As a whole, American eaters are now much more health-conscious than ever before. Farmers markets and co-ops are gaining great popularity. Some vegetarian and vegan options are often found on many restaurant menus these days. Heck, even extremely-unhealthy McDonald’s, Burger King and other fast food chains have been practically forced, by national peer pressure, to now offer many salad and wrap options, and fruit has been added to the infamous children’s Happy Meal. But what do you do when you’re a vegan and too busy with work to cook all the time and pack a quality lunch? What if you need some vegan catering for business or family affairs and parties? What if you’re a vegan looking for some new bites instead of the same old, overpriced options at Whole Foods? After all, there are only so many fruits and vegetables one can eat before hitting the “Vegan Panic Button,” right? Meet Rachel Klein. Rachel has been a vegetarian since she was 5 years old and became a vegan four years ago. Rachel spent many years in the food industry and noticed that there weren’t many “middle-of-the-road” options for vegans, as there often is a great divide between fine dining and vegetarian fast food. So she set out to correct that by creating a business that brings delicious food right to vegans in the Greater Philadelphia area. Rachel now owns and manages Miss Rachel’s Pantry in Philadelphia, where she is also the head chef. This is definitely one healthy, delicious delivery service where one never ever orders “extra anchovies.” We caught up with Rachel to discuss her blossoming, small business and, of course, to share some (Vegan) Chocolate Covered Memories …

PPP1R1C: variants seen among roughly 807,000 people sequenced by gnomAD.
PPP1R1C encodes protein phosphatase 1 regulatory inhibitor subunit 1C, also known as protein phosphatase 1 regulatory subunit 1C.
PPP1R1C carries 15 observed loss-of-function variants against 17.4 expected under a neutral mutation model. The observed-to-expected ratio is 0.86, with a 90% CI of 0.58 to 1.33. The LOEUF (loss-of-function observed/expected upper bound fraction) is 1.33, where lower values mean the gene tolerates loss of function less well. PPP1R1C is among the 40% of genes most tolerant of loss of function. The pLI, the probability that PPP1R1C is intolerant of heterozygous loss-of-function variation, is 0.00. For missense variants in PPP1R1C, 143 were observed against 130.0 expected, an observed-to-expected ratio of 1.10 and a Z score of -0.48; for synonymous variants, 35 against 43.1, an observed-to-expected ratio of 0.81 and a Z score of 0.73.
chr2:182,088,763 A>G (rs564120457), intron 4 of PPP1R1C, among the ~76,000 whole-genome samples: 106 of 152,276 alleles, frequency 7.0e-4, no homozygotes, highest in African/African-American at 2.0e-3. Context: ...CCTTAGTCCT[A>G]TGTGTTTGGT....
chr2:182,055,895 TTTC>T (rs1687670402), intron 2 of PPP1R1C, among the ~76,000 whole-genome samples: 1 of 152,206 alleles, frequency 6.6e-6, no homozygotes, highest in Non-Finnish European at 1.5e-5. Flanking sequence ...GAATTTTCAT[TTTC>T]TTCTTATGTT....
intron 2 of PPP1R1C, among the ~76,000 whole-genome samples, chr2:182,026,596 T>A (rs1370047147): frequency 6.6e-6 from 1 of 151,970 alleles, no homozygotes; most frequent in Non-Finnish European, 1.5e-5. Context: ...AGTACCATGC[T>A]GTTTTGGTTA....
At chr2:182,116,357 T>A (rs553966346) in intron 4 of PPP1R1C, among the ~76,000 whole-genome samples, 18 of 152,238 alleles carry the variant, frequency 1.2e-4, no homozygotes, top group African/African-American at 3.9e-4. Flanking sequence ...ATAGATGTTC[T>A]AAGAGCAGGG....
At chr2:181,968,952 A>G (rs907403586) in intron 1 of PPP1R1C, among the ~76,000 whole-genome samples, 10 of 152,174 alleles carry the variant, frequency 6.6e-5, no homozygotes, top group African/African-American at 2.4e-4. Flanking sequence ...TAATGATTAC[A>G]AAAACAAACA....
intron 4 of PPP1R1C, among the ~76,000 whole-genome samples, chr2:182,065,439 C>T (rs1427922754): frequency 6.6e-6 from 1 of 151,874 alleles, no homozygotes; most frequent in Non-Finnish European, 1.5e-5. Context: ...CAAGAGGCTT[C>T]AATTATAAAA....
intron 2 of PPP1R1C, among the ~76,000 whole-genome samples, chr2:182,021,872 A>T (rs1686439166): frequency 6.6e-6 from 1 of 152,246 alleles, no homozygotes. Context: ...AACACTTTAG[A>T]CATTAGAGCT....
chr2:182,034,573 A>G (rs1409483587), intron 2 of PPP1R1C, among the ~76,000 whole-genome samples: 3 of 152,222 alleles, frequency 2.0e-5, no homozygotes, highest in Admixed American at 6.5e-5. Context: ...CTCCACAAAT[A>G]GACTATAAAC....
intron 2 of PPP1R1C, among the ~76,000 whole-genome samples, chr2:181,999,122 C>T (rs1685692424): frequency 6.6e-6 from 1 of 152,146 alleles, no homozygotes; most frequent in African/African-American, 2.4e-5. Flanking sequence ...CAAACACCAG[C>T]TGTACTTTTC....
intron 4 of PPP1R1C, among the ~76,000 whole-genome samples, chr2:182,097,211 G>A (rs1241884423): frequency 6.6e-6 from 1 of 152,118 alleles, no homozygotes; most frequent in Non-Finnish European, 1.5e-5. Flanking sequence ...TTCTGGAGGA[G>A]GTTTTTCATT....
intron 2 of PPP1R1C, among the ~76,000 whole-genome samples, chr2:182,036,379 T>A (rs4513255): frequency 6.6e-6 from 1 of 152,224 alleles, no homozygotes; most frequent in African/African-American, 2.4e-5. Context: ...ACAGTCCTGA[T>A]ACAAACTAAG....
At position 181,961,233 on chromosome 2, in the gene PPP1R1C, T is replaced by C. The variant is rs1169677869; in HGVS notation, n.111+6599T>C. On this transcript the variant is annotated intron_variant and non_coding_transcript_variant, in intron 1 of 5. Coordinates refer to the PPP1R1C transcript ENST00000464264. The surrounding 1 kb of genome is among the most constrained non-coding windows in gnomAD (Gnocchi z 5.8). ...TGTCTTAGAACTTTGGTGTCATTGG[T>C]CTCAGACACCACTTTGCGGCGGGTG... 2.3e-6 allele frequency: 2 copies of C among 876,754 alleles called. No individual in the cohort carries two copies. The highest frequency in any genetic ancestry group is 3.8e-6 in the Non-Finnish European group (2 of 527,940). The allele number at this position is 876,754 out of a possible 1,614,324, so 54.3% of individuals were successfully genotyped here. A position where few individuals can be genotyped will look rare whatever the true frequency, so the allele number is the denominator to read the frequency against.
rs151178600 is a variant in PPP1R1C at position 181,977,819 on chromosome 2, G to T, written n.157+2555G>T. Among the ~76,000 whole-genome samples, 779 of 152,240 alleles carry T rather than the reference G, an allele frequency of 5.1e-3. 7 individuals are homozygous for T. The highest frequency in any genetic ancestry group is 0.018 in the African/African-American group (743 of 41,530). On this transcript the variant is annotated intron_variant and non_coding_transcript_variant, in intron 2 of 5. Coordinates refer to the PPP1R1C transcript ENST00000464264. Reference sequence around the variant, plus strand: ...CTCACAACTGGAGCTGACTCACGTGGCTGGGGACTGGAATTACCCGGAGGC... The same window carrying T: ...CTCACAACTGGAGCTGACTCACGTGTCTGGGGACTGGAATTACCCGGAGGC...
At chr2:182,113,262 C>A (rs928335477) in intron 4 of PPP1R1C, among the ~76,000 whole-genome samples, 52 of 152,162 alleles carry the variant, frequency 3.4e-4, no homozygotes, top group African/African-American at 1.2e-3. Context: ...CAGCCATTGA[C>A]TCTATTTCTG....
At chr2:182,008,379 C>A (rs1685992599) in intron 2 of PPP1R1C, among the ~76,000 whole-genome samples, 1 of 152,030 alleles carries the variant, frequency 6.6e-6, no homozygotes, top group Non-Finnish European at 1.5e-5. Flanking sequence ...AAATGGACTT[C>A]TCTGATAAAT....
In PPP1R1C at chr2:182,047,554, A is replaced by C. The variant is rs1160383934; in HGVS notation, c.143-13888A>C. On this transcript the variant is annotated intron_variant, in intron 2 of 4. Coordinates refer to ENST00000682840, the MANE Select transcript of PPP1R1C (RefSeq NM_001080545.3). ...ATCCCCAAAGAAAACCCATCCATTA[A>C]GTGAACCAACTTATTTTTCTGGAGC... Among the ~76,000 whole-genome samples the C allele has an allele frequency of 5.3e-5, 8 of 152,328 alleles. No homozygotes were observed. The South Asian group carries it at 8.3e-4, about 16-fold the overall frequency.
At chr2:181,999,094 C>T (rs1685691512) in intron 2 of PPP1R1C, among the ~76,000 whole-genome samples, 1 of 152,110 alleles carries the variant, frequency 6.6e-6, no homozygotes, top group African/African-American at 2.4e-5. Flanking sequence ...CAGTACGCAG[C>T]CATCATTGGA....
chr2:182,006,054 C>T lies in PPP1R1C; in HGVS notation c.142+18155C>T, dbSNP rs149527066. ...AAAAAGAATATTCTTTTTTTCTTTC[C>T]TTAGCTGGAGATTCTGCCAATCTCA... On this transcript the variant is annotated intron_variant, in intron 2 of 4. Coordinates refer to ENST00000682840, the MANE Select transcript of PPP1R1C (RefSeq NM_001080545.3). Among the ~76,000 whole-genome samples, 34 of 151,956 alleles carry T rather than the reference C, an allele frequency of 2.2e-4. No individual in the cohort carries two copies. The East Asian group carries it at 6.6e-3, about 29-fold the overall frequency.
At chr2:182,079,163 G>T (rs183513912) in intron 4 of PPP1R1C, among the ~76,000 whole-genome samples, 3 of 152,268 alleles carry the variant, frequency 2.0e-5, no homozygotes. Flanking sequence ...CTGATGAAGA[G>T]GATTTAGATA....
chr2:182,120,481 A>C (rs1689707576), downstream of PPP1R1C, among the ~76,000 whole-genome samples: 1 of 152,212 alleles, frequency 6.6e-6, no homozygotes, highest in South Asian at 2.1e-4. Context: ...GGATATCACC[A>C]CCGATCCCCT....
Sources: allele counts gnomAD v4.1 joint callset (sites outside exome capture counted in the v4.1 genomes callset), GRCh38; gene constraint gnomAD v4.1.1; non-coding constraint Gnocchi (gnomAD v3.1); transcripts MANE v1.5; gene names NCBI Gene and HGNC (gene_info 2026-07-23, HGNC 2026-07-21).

How did you find yourself in this niche of the food industry?
Well, I grew up a vegetarian in an omnivorous household. So I had to learn to cook at a
very young age, and my parents let me make things for myself. I took some kids’ cooking
classes at a few restaurants in the city. One was with Susanna Foo and another with
Joseph Poon. I think by 3rd or 4th grade, I was actually using the oven on my own.
Throughout high school and college, I worked in the service industry, serving and
managing in the Greater Philadelphia area. Since a vegetarian lifestyle is second nature to
me, it astounded me that there weren’t more options, and so I set out to create a business
that brings food right to people like me. In 2007, I was able to learn from and cook at the
kitchen at the vegan restaurant Horizons in Philadelphia. [NOTE: Since Horizons closed, the Horizons chef/owner team has since opened Vedge in Philadelphia.] Later that year, I
started my personal chef company, Miss Rachel’s Pantry.
What are your earliest childhood memories of food?
I remember being 3 or 4 years old, the evening after eating my first and only McDonald’s
breakfast sandwich, purchased for me by a family friend. I was staring at my belly in the
bathtub and wondering why it hurt. Isn’t that crazy? I never ate at McDonald’s again and
became a vegetarian when I was 5 years old. My parents never really took us to places like McDonald’s much anyhow.
Where does your love of food stem from?
Well, I have a complicated relationship with food. I love how it brings people together,
and I absolutely love putting flavors together. Yet I hate the guilt that we’re pressured to
have after eating anything but a salad, anything not labeled “low fat” or “low carb” and further body-image issues that can ensue. Really, I think the only type of “guilt” that should stem from food should come after eating an animal. In any case, I really love to eat and believe that dining brings people together and should be celebrated.